To learn more about Native American and Indigenous Affairs, we have put together some frequently asked questions below (last updated | 2020 04 14):
- Who are Indigenous peoples?
- What is the proper terminology: Indigenous, Indigenous Peoples, Native American, or American Indian?
- Who are the Indigenous peoples of Los Angeles?
- What is the current population of Indigenous, U.S. American Indians and Alaskan Natives?
- What is land acknowledgement and why is it important? How can I appropriately acknowledge the land that I am on at UCLA?
- How does the United States define Indigenous Peoples/American Indians?
- What is federal recognition?
- What is state recognition?
- How are Indigenous Peoples recognized internationally?
- Are Indigenous peoples a racial minority?
- What does “sovereignty” mean? What does “self-determination” mean?
- What is the Doctrine of Discovery? What does “terra nullius” mean?
- What is a treaty?
- Why do the treaties matter today?
- Why do International Conventions matter today?
- Do California Indians have treaties?
- What are land grant institutions?
- What does it mean that UCLA is a land grant institution?
- What is the Native American Graves Protection and Repatriation Act (NAGPRA), and what has UCLA done to ensure its implementation?
- I am from the press and would like to contact an expert who could provide me information on a current topic or insight into a situation involving Indigenous Peoples.
- I am a teacher and would like to have someone come to the classroom. Do you know of appropriate teaching material on Indigenous Peoples for K-12th grade?
- I want to find out more about my ancestry. Who can I contact?
Who are Indigenous peoples?
Indigenous peoples are the descendants of the peoples who inhabited the Americas, the Pacific, and parts of Asia and Africa prior to European colonization. Indigenous peoples continue to thrive throughout the world today.
What is the proper terminology: Indigenous, Indigenous Peoples, Native American, or American Indian?
Generally, Indigenous refers to those peoples with pre-existing sovereignty who were living together as a community prior to contact with settler populations, most often – though not exclusively – Europeans. Indigenous is the most inclusive term, as there are Indigenous peoples on every continent throughout the world – such as the Sami in Sweden, the First Nations in Canada, Mayas in Mexico and Guatemala, and the Ainu in Japan – fighting to remain culturally intact on their land bases. Indigenous Peoples refers to a group of Indigenous peoples with a shared national identity, such as “Navajo” or “Sami,” and is the equivalent of saying “the American people.” Native American and American Indian are terms used to refer to peoples living within what is now the United States prior to European contact. American Indian has a specific legal context because the branch of law, Federal Indian Law, uses this terminology. American Indian is also used by the U.S. Office of Management and Budget through the U.S. Census Bureau. Whenever possible, it is best to use the name of an individual’s particular Indigenous community or nation of people; for example, “Tongva,” “Tataviam” and “Chumash” are the Indigenous Peoples of the Los Angeles area, and they are also “American Indian,” “Native American,” and “Indigenous.”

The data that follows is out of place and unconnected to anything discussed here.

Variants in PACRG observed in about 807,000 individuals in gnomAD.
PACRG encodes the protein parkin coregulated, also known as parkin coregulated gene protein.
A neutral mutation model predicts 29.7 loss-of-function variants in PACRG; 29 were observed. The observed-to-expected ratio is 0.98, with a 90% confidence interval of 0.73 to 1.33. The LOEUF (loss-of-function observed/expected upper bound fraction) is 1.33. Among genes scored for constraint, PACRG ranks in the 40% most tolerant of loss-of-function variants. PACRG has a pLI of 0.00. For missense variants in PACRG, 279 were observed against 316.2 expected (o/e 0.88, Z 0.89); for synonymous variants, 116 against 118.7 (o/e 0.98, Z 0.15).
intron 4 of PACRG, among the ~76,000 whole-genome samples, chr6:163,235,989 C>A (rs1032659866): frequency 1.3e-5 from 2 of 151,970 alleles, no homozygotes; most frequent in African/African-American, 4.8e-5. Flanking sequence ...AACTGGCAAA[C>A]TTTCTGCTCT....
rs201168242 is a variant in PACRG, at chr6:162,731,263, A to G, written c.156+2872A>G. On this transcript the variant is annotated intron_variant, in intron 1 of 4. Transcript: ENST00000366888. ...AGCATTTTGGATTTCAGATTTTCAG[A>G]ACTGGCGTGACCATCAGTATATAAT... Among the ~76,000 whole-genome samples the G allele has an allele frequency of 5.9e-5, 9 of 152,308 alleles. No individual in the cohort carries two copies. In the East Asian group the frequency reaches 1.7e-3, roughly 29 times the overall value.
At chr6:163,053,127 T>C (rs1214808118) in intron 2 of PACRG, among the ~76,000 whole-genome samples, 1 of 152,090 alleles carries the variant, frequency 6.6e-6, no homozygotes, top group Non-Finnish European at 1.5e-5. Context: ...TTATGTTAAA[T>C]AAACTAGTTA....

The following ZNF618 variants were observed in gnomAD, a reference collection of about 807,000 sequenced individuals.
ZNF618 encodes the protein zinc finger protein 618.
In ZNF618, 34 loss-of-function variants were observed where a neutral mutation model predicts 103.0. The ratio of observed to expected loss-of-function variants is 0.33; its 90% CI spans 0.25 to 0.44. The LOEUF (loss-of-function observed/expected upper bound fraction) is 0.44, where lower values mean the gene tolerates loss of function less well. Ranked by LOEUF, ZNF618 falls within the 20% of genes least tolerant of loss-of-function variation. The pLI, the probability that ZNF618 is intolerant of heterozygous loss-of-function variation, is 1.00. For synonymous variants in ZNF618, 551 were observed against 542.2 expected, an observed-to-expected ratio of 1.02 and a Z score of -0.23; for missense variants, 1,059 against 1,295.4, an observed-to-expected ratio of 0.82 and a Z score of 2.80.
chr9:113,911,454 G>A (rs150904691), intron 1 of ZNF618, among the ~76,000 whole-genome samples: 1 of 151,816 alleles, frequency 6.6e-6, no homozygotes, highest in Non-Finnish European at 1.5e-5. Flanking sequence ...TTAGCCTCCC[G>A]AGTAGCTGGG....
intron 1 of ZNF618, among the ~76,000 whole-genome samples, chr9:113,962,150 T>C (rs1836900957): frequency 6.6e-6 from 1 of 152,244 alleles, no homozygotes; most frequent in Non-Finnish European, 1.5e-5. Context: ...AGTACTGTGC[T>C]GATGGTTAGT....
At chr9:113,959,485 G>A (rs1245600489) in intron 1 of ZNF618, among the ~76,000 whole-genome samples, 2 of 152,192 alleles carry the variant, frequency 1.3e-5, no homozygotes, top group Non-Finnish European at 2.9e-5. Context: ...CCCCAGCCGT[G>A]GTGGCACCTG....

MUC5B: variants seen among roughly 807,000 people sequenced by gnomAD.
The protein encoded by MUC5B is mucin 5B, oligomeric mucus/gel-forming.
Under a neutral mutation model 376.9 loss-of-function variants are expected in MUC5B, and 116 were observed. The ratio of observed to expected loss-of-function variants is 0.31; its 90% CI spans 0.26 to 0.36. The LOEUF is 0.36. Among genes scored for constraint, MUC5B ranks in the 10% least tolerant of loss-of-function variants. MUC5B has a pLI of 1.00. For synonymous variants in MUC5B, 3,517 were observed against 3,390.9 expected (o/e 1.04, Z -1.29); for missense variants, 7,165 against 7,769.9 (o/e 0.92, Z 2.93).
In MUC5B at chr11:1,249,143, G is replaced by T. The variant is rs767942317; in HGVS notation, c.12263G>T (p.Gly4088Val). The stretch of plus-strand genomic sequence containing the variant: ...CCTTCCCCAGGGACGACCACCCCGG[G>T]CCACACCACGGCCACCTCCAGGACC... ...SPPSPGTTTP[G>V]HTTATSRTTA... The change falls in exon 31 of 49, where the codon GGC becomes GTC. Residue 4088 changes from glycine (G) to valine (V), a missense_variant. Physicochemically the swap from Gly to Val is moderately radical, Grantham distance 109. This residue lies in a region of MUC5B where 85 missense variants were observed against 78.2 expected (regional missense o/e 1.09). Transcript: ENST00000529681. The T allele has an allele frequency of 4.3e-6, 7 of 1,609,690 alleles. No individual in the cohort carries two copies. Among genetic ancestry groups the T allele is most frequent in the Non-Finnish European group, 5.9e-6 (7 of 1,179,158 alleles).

Who are the Indigenous peoples of Los Angeles?
UCLA sits on the land of the Gabrielino/Tongva, the original caretakers of the Los Angeles Basin. The Fernandeño Tataviam are also close in relationship to UCLA, with their ancestral villages located in the San Fernando, Santa Clarita, eastern Simi and Antelope Valleys. The Chumash and Ajachamen are part of the LA county area as well, to the north and south of UCLA respectively. At UCLA, we recognize all original peoples of the Los Angeles area and to the north, east, south and west whose lands are connected to where we now learn, work, and live. From the point of European contact until present day, many other Indigenous peoples – including American Indians from across the United States, Pacific Islanders, and Indigenous peoples from Latin America, among others — came to call Los Angeles their home. In the 1950’s and 60’s, the Bureau of Indian Affairs (BIA) instituted the termination and relocation programs that brought many American Indians to Los Angeles. Others came for economic reasons or fleeing conflict in their home countries. Los Angeles now has the largest population of Native American and Indigenous peoples of any other city in the United States. To learn more about the original peoples of Los Angeles County, refer to the Mapping Indigenous LA website created by UCLA professors and researchers.